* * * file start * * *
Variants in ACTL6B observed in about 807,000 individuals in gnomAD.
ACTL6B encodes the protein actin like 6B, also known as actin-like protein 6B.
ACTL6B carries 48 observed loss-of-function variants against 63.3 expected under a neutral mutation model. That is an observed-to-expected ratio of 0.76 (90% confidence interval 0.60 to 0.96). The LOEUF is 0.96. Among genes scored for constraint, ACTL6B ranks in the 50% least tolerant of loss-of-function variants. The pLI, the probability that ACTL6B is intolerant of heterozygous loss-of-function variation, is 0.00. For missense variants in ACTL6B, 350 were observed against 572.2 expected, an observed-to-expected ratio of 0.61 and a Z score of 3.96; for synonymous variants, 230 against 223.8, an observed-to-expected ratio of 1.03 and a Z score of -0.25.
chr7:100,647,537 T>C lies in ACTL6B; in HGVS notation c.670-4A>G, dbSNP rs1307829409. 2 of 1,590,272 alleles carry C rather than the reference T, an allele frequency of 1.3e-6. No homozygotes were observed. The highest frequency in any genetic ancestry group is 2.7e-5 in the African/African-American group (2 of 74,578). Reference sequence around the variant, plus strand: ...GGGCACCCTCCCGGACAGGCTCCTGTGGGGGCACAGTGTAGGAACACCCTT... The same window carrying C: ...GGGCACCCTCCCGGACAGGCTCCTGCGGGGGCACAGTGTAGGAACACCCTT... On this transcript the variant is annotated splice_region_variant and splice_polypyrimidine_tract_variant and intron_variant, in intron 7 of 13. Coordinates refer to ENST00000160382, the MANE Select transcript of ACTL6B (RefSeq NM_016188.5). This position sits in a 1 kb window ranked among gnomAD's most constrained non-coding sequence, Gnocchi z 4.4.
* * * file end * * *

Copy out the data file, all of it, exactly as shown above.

Variants in ACTL6B observed in about 807,000 individuals in gnomAD.
ACTL6B encodes the protein actin like 6B, also known as actin-like protein 6B.
ACTL6B carries 48 observed loss-of-function variants against 63.3 expected under a neutral mutation model. That is an observed-to-expected ratio of 0.76 (90% confidence interval 0.60 to 0.96). The LOEUF is 0.96. Among genes scored for constraint, ACTL6B ranks in the 50% least tolerant of loss-of-function variants. The pLI, the probability that ACTL6B is intolerant of heterozygous loss-of-function variation, is 0.00. For missense variants in ACTL6B, 350 were observed against 572.2 expected, an observed-to-expected ratio of 0.61 and a Z score of 3.96; for synonymous variants, 230 against 223.8, an observed-to-expected ratio of 1.03 and a Z score of -0.25.
chr7:100,647,537 T>C lies in ACTL6B; in HGVS notation c.670-4A>G, dbSNP rs1307829409. 2 of 1,590,272 alleles carry C rather than the reference T, an allele frequency of 1.3e-6. No homozygotes were observed. The highest frequency in any genetic ancestry group is 2.7e-5 in the African/African-American group (2 of 74,578). Reference sequence around the variant, plus strand: ...GGGCACCCTCCCGGACAGGCTCCTGTGGGGGCACAGTGTAGGAACACCCTT... The same window carrying C: ...GGGCACCCTCCCGGACAGGCTCCTGCGGGGGCACAGTGTAGGAACACCCTT... On this transcript the variant is annotated splice_region_variant and splice_polypyrimidine_tract_variant and intron_variant, in intron 7 of 13. Coordinates refer to ENST00000160382, the MANE Select transcript of ACTL6B (RefSeq NM_016188.5). This position sits in a 1 kb window ranked among gnomAD's most constrained non-coding sequence, Gnocchi z 4.4.